Monday, March 15, 2010

LOTR Readalong: The Two Towers

Month Three of the LOTR Readalong and I am finding it wonderful to hear what others have to say about one of my very favorite books in the whole world. We don't always agree, but the discussion is always enlightening. Perhaps this is why I have managed to stay in school for so much of my life. Reading is great, but it's one of those pleasures that is exponentially improved by sharing with others.

Jenny and Teresa at Shelf Love are this month's hosts. Teresa started us off with these questions:

1. Where are you in the trilogy right now? What do you think of the books so far? I was able to read The Hobbit and stop, and I rationed out the Fellowship, but then I lost all self-control and blew through the final two books in two weeks. In the process, I re-discovered how wonderful they are. Knowing the plot points only led to a series of thoughts of "Oh, this is my favorite part!" and "No, wait, THIS is my favorite part." This is a great story on many levels.

**SPOILERS AHEAD, if you aren't reading this book yet.**

2. What’s your past experience with The Two Towers? If you’re rereading, how does it stack up against the other two books? The Fellowship gives this book quite a long build-up, between the exit from the Shire, Moria, and the Council of Elrond. Now almost all the pieces have been introduced and everything is in motion. The main characters are well-established and we start to see the bigger picture, not just hearing about Sauron as the evil will behind much of what is happening in Middle Earth but actually seeing his forces at work, and experiencing the various armies and cultures that will oppose him.

I also discovered this time that Book Three is the highlight of the story for me. Right from the outset, we see that Aragorn is still growing into his destiny, now that he doesn't have Gandalf to advise him. We see Boromir's nobility--flawed, but recovered. The scene where Boromir confesses his failure and receives an absolution from Aragorn is very moving, as are his funeral and the songs Aragorn and Legolas sing when they send him to the falls. Is this realistic? Not at all. Is it heroic, in the best of the ancient traditions? You betcha. That's what makes it so good.

The language really changes in this book, echoing speeches from the Illiad and Arthurian legend and some of the best of Anglo-Saxon literature, like the Battle of Maldon. The characters sometimes talk about being "inside the old tales" and "old tales coming to life," and I think this adds to that feeling. As soon as the Three Hunters get out on the grass of Rohan, my heart picks up. By the time we get to Helm's Deep, it's just one good thing after another: Theoden's charge, and the appearance of the forest (I read somewhere that Tolkien wanted to "really" bring a forest to a new location, in contrast to Shakespeare's approximation of Birnham wood's arrival at Dunsinane in MacBeth, so he did), and the White Rider are all leavened by the courteous disagreement of Eomer and Gimli about Galadriel, Gimli's nervousness about travel by horseback, and a host of smaller details that give us something to smile at in the midst of all this heroism, even when no hobbits are in view.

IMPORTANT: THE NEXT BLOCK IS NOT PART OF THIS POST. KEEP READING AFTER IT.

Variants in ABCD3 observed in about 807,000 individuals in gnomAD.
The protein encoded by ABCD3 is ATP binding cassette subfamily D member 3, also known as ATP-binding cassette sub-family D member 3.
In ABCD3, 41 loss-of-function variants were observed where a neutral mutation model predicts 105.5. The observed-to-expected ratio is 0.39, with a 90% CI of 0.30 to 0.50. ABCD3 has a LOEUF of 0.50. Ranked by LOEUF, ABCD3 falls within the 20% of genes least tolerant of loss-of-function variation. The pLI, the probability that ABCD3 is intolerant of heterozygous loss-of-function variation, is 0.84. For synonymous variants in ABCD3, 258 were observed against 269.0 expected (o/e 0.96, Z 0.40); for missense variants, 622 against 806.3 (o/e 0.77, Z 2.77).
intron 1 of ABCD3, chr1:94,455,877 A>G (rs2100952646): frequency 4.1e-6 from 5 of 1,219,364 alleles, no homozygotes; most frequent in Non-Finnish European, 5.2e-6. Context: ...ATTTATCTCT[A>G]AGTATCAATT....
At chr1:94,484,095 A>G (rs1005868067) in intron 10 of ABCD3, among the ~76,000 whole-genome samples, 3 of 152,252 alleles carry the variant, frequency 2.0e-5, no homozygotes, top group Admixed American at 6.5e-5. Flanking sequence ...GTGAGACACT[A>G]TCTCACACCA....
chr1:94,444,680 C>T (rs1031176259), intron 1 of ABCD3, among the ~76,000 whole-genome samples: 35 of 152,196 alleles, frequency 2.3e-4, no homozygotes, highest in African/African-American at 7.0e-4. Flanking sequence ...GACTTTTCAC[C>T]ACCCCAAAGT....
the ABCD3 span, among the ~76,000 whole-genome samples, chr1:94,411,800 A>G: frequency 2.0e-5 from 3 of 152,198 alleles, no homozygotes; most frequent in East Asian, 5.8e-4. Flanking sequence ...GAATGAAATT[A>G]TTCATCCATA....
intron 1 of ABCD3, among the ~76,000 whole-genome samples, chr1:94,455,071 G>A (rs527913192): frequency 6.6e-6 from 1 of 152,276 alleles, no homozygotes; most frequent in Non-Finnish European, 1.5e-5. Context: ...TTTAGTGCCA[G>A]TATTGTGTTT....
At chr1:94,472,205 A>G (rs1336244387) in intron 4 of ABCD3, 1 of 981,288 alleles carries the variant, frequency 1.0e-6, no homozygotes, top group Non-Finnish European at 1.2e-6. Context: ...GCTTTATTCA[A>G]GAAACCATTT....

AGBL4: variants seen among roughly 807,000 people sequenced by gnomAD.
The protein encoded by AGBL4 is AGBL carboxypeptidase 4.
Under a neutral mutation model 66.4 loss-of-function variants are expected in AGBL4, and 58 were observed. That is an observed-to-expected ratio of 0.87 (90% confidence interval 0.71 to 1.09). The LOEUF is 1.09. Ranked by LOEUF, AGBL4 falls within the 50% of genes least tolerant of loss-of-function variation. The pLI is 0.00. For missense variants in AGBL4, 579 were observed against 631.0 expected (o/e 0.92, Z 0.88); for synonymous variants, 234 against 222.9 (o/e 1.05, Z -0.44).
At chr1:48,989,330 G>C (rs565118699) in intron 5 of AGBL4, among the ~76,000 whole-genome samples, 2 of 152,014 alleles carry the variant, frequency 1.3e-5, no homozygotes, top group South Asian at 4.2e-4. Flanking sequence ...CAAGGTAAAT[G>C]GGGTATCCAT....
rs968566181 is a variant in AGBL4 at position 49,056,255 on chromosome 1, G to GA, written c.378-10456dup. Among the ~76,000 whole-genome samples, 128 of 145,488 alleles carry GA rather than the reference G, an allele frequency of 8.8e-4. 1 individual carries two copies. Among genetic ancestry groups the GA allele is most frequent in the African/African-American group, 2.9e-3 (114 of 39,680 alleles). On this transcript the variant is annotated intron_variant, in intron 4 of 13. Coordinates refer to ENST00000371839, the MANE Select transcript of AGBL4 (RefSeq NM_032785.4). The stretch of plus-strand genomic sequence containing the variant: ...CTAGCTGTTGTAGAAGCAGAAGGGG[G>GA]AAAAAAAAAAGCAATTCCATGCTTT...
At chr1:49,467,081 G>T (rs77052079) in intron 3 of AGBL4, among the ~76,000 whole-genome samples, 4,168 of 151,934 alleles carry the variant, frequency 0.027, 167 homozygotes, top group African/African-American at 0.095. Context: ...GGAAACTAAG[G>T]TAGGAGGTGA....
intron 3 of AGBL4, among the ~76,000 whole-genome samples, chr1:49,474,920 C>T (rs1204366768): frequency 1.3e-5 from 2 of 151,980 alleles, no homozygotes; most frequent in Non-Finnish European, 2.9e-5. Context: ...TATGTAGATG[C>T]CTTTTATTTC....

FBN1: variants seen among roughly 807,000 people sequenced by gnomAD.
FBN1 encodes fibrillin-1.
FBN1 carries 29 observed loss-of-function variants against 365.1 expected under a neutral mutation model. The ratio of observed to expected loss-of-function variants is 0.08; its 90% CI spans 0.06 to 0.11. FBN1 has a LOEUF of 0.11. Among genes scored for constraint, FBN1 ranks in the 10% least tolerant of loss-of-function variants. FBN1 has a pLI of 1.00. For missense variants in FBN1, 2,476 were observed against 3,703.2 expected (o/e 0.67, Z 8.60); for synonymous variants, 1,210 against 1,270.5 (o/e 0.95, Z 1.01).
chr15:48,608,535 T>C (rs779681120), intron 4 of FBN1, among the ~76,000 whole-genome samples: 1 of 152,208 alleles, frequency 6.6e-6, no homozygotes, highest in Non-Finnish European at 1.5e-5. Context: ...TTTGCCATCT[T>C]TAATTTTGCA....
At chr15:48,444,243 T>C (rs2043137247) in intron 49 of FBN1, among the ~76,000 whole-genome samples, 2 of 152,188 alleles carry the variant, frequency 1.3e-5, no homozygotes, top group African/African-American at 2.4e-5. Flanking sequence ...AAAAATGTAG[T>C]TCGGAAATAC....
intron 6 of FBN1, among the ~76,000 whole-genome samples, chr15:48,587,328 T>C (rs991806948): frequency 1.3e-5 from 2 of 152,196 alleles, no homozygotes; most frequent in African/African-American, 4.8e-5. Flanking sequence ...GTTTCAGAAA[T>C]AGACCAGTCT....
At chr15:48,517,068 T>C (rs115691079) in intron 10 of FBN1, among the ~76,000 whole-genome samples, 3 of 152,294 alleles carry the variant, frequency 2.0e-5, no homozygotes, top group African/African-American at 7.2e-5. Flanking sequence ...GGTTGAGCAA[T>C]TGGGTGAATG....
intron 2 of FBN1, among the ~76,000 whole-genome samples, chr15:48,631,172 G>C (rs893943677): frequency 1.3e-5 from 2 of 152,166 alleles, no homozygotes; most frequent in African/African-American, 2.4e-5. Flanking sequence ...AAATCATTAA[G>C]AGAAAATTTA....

As for Book Four, I'm with those who think this drags a bit. With Sam and Frodo, I'm weary, too, and all the environmental destruction around Mordor is depressing. It seems like it takes a lot longer than it actually does, which is probably the point. In all that devastation, Ithilien is (literally) a breath of fresh air, and Faramir is perfectly enchanting. I liked him before--he's clearly one of the good guys--but this time his insight and wisdom were so much more apparent to me. The switch of romantic interest that comes later makes a whole lot of sense, all of a sudden. Farmir is a man among men: more trustworthy and self-controlled than Boromir, and probably a lot more fun at a party than Aragorn.

And I felt very sympathetic toward Gollum in a way I'd not felt previously. Not only is he clever and funny ("Don't want fish," he says promptly, when notified that fishing in the pool carries a penalty of death.), but he's pitiful. Often tricky and sometimes evil, but sad.

Always something new to see in these books.

3. If you’re a first-time reader, what big questions do you have at this point? What are you hoping to see Tolkien deal with in The Two Towers? If you’re a rereader, what are you most looking forward to? Anything with the Rohirrim in it is okay by me. Ditto for the heroic tone. In real life I'm quite the pacifist, but show me a man who can lean on his sword and make a speech about courage and certain death, then go hand-to-hand with some orc captain, and I'll show you a happy reader with tears in her eyes.

4. What about the movie? If you’ve seen it, what did you think of it, and how much do you think it will color your experience with the book? I haven't seen it and don't plan to. I'm afraid it would be a major disappointment, no matter how well done, and I've heard enough discussion to know that they changed some major plot points. Because I'm a purist, I plan to keep the pictures in my head, thanks very much.


'The end will not be long,' said the king. 'But I will not end here, taken like an old badger in a trap. Snowmane and Hasufel and the horses of my guard are in the inner court. When dawn comes, I will bid men sound Helm's horn, and I will ride forth. Will you ride with me then, son of Arathorn? Maybe we shall cleave a road, or make such an end as will be worth a song -- if any be left to sing of us hereafter.'

'I will ride with you,' said Aragorn.


  1. *cracks up* Faramir so would be more fun at a party than Aragorn! In the films I like Aragorn better, but in the books it's Faramir, hands-down, no questions.

  2. Well, that's the ultimate test, isn't it? :-)

  3. This comment has been removed by a blog administrator.


Talk to me! I love external validation.